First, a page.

The aim of this study was to investigate the correlation between the atrial bipolar electrogram morphology before and after complete CTI conduction block and the standard criteria of differential pacing and reversal in the right atrial depolarization sequence during CS pacing.

When a conduction block was present at the level of the CTI, a change in the polarity and morphology of the bipolar electrogram from a qRs morphology to a rSr' morphology when pacing from the coronary sinus and from a rsr' morphology to a QRS morphology when pacing from the low-lateral right atrium was observed.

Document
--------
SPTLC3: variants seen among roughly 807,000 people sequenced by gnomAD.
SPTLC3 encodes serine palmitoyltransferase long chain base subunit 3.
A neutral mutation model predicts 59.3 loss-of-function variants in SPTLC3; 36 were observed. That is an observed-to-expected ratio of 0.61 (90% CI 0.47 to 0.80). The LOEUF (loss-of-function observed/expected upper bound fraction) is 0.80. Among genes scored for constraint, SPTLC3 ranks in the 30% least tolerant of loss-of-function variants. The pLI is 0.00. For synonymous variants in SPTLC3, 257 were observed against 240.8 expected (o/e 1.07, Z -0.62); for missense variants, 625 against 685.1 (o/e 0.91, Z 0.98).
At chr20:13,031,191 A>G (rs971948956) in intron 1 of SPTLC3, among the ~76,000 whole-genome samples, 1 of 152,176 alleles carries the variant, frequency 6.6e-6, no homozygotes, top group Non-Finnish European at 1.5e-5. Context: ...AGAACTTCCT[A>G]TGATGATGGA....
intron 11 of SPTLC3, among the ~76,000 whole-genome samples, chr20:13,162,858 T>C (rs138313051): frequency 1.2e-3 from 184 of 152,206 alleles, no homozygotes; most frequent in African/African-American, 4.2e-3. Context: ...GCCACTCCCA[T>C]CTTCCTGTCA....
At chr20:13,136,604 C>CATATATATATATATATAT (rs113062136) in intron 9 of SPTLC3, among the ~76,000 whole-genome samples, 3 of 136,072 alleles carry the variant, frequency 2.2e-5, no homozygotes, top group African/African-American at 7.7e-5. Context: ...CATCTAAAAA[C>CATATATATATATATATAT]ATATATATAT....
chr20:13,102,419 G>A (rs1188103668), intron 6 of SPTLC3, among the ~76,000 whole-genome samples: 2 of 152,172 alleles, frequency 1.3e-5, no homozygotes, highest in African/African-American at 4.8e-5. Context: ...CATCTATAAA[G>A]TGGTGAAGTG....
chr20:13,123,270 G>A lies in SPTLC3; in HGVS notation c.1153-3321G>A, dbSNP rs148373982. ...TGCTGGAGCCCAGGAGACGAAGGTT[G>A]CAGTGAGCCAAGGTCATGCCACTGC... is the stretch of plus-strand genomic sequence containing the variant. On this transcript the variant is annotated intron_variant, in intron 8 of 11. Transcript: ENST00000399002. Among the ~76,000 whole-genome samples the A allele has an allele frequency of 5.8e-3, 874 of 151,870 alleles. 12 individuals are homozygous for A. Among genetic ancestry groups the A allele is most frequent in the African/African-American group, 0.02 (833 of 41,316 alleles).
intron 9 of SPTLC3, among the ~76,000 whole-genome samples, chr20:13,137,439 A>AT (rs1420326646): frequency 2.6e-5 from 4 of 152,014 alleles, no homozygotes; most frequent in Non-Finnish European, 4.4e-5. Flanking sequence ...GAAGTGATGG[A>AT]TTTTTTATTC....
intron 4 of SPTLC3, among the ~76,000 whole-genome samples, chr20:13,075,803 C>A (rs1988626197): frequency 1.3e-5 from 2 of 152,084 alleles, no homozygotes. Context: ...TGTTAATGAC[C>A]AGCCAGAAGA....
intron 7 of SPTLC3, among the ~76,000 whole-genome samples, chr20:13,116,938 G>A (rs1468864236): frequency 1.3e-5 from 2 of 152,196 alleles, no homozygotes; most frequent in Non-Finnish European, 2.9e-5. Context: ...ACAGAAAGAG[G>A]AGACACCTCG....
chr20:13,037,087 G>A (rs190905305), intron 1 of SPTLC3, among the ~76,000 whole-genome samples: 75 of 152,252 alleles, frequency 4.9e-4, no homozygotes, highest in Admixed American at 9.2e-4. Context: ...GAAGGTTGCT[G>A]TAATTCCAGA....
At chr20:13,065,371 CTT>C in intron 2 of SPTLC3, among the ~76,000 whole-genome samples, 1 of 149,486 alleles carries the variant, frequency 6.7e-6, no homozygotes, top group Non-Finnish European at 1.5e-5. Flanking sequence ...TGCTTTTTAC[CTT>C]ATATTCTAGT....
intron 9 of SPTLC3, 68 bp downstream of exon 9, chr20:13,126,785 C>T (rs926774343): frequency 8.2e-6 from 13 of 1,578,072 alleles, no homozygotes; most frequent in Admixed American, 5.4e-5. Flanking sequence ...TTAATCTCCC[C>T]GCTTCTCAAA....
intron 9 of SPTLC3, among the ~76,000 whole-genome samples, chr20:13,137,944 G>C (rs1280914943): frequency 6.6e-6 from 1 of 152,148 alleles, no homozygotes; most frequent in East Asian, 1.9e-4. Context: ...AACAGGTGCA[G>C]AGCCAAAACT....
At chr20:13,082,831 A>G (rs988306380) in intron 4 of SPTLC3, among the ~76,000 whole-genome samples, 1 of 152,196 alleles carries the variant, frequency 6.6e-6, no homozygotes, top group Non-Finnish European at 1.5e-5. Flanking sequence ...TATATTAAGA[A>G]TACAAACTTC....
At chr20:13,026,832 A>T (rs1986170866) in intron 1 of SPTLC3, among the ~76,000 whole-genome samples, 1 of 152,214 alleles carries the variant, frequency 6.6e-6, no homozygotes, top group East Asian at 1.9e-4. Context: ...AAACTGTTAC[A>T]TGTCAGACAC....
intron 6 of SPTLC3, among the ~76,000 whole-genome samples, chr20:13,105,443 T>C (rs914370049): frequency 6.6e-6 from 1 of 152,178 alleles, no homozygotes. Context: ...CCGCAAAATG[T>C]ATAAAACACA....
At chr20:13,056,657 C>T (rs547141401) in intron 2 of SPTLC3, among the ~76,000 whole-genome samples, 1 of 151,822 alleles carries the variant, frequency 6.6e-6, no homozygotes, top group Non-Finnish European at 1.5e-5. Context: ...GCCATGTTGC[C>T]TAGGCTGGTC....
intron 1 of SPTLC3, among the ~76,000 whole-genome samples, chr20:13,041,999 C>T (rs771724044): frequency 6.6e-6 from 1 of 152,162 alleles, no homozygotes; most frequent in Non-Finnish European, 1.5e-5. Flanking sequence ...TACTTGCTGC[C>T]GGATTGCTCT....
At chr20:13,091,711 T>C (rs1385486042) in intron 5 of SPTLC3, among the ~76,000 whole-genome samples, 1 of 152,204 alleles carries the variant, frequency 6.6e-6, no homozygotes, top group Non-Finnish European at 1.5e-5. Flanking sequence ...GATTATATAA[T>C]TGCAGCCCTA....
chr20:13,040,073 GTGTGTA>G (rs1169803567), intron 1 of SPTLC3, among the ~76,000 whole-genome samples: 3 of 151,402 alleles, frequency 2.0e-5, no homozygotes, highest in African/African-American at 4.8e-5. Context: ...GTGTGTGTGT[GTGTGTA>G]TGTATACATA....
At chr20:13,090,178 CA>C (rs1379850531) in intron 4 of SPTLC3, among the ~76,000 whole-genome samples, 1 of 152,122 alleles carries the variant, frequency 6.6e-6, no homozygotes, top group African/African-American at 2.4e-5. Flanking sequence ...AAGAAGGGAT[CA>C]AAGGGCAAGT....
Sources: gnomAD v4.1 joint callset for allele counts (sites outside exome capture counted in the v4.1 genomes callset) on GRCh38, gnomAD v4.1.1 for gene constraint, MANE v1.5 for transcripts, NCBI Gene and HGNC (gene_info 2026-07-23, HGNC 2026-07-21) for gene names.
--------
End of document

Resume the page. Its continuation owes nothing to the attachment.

Andronache et al [8] also investigated the use of bipolar atrial electrogram morphology as an additional criterion identifying CTI block and noticed a clear change in the bipolar atrial electrogram polarity in the electrogram recorded by the dipoles located on the CTI and immediately lateral to the intended line of block from RS to QR pattern when pacing from the proximal coronary sinus. In our study, we did not observe a 2 component morphology on the bipolar electrogram after CTI block (QR), but a 3 component morphology (QRS or rsr'). The 3 component aspect of the bipolar atrial electrogram present in our study could be explained by the location where the atrial potential was analyzed and the direction of the depolarization front. The electrode where conduction block was evaluated was situated 2-3 mm away from the ablation line, so the depolarization sequence moved towards the analyzing electrode and away from it to the line of block. A 2 component morphology is characteristic to the final place of propagation, adjacent to the line of block, which was probably the case in Andronache's study.